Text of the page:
Monday, September 03, 2007

Labor Day Reflections

I learned something from Garrison Keillor this morning about how much Americans work. They work longer hours and take fewer vacation days than employees in any other industrialized nation. I am not in a position to be sanctimonious about this - my average workweek is between seventy and eighty hours. I tell young faculty members, seeking tenure, that they should routinely expect to work about this number of hours - which is not easy if you have a long commute and a young family. Mostly, I love my work, as do most faculty members. My compensation is well above the national average of $17 per hour. So far, I have good health care benefits, which a growing number of Americans do not.

My circumstances differ from those of many Americans. For example the Aramark employees who clean American University’s buildings earn an average of less than $12 per hour. Once they were employees of the university, eligible for tuition benefits. That changed at AU and most other higher education institutions a few years ago. Most of these employees are women from Latin American countries.

There is a widening gap between rich and poor in America and that concerns me. In the developing countries I study, this gap contributes to a sense of hopelessness among young men, which motivates some of them to form or join militant movements. I have studied this problem for more than 20 years and write about it in my book, Paradise Poisoned: Learning about Conflict, Terrorism and Development from Sri Lanka’s Civil Wars.
One of the best antidotes for the widening gap between rich and poor is education, but private education is becoming more expensive in America and public education is being shortchanged. There are clear trade-offs between funds spent on jails and homeland security (not to mention the war in Iraq) and funds spent on education, but our political processes don’t take these into account very effectively.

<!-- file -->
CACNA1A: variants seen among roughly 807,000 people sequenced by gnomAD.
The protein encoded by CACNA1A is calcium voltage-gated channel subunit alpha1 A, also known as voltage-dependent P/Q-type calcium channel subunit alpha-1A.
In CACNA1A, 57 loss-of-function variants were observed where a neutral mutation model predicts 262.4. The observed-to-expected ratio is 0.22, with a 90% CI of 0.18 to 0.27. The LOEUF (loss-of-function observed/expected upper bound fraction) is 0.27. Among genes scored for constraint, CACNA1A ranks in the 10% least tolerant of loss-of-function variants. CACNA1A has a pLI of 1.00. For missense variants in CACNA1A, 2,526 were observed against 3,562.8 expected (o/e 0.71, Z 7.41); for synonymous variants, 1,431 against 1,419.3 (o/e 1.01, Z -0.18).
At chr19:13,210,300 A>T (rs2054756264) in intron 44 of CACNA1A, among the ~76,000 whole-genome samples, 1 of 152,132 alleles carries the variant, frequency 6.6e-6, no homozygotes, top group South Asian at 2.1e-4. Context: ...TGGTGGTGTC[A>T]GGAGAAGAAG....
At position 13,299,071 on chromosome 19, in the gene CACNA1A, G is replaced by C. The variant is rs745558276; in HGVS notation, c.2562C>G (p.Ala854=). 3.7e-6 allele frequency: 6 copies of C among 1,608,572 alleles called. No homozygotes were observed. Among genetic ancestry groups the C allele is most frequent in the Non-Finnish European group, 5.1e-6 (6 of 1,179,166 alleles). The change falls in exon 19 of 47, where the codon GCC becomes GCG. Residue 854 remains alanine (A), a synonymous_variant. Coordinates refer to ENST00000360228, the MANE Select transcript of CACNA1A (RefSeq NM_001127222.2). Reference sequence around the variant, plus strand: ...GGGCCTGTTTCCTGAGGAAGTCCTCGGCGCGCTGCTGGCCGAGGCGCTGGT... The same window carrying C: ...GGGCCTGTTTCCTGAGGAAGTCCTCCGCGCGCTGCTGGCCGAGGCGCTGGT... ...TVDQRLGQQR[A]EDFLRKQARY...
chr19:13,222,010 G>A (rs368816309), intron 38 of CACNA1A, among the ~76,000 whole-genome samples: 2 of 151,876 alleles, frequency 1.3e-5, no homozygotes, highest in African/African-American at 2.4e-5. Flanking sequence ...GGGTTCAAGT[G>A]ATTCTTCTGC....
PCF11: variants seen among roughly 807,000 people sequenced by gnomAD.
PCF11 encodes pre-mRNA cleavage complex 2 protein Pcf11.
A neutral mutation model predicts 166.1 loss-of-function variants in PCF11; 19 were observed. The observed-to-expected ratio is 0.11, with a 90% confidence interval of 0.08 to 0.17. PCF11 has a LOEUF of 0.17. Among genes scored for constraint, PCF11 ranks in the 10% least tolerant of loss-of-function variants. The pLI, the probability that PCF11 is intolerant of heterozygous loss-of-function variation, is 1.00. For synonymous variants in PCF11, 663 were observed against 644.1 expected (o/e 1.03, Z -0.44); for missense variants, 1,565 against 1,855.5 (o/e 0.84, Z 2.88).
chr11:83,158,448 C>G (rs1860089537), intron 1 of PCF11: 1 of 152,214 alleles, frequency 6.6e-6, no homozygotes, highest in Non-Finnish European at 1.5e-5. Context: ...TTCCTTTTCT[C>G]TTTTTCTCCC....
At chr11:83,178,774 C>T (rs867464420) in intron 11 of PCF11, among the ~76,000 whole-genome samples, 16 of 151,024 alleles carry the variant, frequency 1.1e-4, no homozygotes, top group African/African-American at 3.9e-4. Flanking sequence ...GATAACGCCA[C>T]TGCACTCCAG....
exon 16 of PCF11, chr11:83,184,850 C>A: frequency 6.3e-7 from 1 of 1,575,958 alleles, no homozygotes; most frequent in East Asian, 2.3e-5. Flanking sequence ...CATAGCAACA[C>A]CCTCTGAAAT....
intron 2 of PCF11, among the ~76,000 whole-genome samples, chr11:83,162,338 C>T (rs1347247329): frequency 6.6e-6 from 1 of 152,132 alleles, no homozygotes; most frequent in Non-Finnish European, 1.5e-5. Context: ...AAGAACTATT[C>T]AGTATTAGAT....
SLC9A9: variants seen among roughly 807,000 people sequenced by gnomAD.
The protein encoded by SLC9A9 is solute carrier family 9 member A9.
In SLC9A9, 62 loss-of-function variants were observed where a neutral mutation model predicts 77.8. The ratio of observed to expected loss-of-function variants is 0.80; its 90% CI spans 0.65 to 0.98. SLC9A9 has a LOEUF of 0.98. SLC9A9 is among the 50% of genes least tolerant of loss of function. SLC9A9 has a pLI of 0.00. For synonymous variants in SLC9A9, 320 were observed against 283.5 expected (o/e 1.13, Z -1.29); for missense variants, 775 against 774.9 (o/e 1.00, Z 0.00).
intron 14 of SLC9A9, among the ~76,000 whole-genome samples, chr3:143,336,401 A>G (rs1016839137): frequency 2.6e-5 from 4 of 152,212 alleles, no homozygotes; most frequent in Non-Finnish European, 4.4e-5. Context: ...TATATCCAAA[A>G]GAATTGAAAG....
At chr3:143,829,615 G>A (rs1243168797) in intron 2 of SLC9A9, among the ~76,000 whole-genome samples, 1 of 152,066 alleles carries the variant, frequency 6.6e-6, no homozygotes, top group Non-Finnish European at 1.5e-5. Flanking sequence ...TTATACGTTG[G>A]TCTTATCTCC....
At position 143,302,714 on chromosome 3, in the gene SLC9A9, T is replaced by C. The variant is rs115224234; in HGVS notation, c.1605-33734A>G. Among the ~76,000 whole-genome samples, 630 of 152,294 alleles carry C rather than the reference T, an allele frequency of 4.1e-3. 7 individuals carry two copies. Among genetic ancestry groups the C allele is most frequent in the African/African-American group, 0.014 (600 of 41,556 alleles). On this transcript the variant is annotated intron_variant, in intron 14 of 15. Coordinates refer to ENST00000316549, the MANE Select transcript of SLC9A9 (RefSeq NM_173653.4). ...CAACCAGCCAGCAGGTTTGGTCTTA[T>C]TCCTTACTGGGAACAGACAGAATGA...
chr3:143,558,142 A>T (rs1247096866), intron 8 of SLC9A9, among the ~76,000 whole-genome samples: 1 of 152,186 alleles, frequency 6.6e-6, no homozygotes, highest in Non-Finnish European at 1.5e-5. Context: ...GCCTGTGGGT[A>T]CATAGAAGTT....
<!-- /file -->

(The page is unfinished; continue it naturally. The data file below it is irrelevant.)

These are my reflections on labor day. It’s time to have breakfast and get back to work.


Anonymous Anonymous said...

On education as an antidote to the rich-poor gap:
Actually education is not an especially effective tool for addressing maldistribution of wealth and income, at least not in the U.S. Yes, college graduates earn considerably more than high school grads, but the incomes of all save those at the very top of the scale have stagnated in recent years. There are other more effective redistributive measures (not that the govt is likely to pursue them). When former Oklahoma Senator Fred Harris ran for the presidency in 1976, he made inequality a central theme of his campaign. It has become a much more severe problem in the last 30 years.

3:51 PM  

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